Red-eye flight

In commercial aviation, a red-eye flight is a flight scheduled to depart at night and arrive the next morning. Another definition of a red-eye flight is one that takes place overnight but does not provide enough time for passengers to get a full night's sleep.

The term "red-eye" derives from the symptom of having red eyes, which can be caused by fatigue.[1]

Causes and utilitiesEdit

For the airline, overnight flights will enable more use of aircraft that would otherwise be idle at night. For airports, it may be rational to divert the stream of passengers away from peak hours. In major airports, the capacity for flight operations during daytime may be fully exhausted, and the price of airport slots may be higher at peak hours.

For passengers, the benefits and disadvantages are more subjective. Many will perceive it difficult to arrive well-rested after a night flight, especially if it is at odd hours or too short to fit into a full night's sleep. However, the traffic to and from the airport, as well as the airport experience may be less stressful at these hours. Some passengers may want to arrive early in a city and return the same day, saving on a night's accommodation, or enjoy one full day at the beginning or end of the trip. It has been claimed that red-eye flights are popular among business travelers who benefit from flying at night.[2] Business class seats are often reclinable to a flat position, enabling normal sleep.


One definition of a red-eye flight is one that is too short to allow a full night's sleep. An example would be those flights from Los Angeles to New York City—about six hours' flying time—that depart between 2200 and 0100, and arrive between 0500 and 0700.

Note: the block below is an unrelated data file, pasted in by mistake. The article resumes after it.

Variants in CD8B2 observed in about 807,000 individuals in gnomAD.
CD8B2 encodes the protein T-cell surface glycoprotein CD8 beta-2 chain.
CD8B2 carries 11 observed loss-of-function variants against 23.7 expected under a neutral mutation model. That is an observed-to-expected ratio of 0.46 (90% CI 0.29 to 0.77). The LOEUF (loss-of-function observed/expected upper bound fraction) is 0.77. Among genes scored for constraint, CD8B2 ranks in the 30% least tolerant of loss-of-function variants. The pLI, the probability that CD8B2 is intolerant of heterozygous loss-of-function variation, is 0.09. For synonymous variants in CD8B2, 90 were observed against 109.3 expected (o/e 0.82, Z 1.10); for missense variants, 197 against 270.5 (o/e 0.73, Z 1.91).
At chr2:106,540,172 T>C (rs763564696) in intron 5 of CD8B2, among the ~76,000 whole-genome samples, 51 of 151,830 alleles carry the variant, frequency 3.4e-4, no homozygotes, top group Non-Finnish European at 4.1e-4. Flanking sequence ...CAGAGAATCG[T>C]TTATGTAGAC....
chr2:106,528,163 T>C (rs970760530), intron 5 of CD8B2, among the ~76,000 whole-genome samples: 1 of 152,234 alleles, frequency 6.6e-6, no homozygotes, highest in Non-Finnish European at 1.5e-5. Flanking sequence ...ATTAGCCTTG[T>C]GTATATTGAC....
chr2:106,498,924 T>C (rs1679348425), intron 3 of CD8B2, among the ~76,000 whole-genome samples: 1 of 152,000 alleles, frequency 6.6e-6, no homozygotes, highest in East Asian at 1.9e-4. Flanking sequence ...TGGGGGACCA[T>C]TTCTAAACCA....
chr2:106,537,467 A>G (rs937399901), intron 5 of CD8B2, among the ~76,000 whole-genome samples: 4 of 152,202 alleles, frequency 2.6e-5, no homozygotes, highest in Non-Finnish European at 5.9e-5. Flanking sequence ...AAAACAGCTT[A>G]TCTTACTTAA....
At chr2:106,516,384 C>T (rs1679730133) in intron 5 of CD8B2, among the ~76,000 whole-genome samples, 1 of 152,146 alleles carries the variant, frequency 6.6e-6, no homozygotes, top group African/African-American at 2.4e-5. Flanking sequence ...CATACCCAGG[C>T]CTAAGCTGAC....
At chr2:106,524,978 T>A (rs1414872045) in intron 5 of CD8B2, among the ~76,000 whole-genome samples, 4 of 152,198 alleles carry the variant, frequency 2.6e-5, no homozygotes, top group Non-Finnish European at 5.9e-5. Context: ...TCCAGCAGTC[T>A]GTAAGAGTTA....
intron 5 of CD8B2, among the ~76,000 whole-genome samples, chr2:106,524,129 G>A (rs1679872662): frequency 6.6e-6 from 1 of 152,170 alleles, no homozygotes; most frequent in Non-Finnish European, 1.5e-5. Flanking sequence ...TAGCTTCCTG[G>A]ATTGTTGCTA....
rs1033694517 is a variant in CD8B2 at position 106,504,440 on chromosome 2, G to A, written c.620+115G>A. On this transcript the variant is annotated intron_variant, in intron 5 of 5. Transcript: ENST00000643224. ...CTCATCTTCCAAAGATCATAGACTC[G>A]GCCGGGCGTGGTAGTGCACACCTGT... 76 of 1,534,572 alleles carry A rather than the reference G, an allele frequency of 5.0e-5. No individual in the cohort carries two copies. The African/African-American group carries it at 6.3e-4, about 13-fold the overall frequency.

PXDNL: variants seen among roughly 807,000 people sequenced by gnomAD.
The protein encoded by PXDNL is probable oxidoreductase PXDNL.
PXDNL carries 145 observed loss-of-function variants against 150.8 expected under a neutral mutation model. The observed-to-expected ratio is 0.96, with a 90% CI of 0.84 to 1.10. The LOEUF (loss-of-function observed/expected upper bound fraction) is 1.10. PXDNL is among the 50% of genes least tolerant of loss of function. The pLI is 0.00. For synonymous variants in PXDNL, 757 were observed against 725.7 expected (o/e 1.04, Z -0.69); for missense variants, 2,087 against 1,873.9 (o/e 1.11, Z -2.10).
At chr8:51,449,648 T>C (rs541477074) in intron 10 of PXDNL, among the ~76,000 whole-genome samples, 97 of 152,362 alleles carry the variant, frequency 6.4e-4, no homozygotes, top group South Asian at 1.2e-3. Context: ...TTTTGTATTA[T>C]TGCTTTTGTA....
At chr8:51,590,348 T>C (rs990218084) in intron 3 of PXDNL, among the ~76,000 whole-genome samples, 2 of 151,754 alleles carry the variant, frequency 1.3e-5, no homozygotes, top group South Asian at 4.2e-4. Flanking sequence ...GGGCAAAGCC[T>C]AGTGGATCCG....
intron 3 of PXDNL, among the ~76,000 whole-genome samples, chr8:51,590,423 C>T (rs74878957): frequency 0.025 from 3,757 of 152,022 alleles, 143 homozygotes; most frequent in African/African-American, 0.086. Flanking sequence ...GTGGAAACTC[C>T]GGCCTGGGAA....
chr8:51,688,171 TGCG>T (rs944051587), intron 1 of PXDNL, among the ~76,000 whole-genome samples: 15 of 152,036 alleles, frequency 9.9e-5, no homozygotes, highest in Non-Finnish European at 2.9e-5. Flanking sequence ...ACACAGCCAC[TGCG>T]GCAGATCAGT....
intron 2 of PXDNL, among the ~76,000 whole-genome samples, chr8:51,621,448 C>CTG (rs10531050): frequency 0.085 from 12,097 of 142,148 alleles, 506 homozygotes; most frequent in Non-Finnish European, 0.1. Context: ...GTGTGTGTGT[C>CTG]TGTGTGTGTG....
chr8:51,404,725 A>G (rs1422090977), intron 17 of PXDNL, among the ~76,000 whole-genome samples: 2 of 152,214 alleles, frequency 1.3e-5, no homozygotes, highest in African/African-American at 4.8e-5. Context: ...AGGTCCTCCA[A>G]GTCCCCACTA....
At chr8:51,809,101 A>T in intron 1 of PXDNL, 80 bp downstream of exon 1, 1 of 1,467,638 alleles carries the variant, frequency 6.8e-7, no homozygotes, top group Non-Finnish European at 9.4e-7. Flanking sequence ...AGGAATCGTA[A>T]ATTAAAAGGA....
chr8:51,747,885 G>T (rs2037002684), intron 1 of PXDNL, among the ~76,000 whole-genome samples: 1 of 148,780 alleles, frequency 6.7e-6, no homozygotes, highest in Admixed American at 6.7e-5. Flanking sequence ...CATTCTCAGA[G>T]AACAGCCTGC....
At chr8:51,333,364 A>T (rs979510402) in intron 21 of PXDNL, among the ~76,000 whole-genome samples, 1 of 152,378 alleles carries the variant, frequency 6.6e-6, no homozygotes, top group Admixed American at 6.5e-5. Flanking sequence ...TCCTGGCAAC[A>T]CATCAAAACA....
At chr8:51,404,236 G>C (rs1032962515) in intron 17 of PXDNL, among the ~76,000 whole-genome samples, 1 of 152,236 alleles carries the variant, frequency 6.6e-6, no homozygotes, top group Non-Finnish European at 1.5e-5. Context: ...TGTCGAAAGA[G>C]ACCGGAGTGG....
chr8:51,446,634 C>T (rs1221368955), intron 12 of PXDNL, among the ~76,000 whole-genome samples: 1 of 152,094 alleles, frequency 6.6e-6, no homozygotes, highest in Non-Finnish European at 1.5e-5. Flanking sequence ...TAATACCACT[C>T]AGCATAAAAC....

• Japan Airlines used to operate red-eye flights from Hong Kong to Tokyo Haneda, but they have switched to daytime flights. Cathay Pacific still operates one flight each to Tokyo Narita and Osaka, while All Nippon Airways operates red-eye flights from Hong Kong to Tokyo's Haneda daily.
  • Asiana, Korean Air, and Cathay Pacific operate red-eye flights from Hong Kong to Seoul. Asiana operates flights to Busan. Cathay Pacific used to fly a red-eye flight from Seoul to Hong Kong, but the flight is now suspended and the airline operates only daytime and evening flights from Seoul to Hong Kong.
  • Cathay Pacific operates many red-eye flights outside of Tokyo and Seoul. These include red-eye flights between Hong Kong and cities in Australia and New Zealand in both directions, as well as between Hong Kong and Singapore. Cathay Pacific flights that are red-eye only in the Hong Kong-bound direction include those from Bangkok. Cathay Pacific flights that are red-eye only from Hong Kong include those to Seoul and parts of Japan. The Vancouver to New York (JFK) tag flight operated by Cathay Pacific is also a red-eye service.
  • Flights that leave India and Southwest Asia around midnight arrive in Bangkok, Hong Kong, Kuala Lumpur, and Singapore early morning.
  • Philippine Airlines also operates red-eye flights from Korea and Japan back to Manila, which also have regular late-night flights from Manila to Singapore and Kuala Lumpur.
  • Many flights from Southeast Asia to Japan, Korea, and China depart in the evenings or around midnight, and land at the destinations in the early morning. There are also flights that depart Japan, Korea, or China around midnight, and arrive in Southeast Asia in the early morning.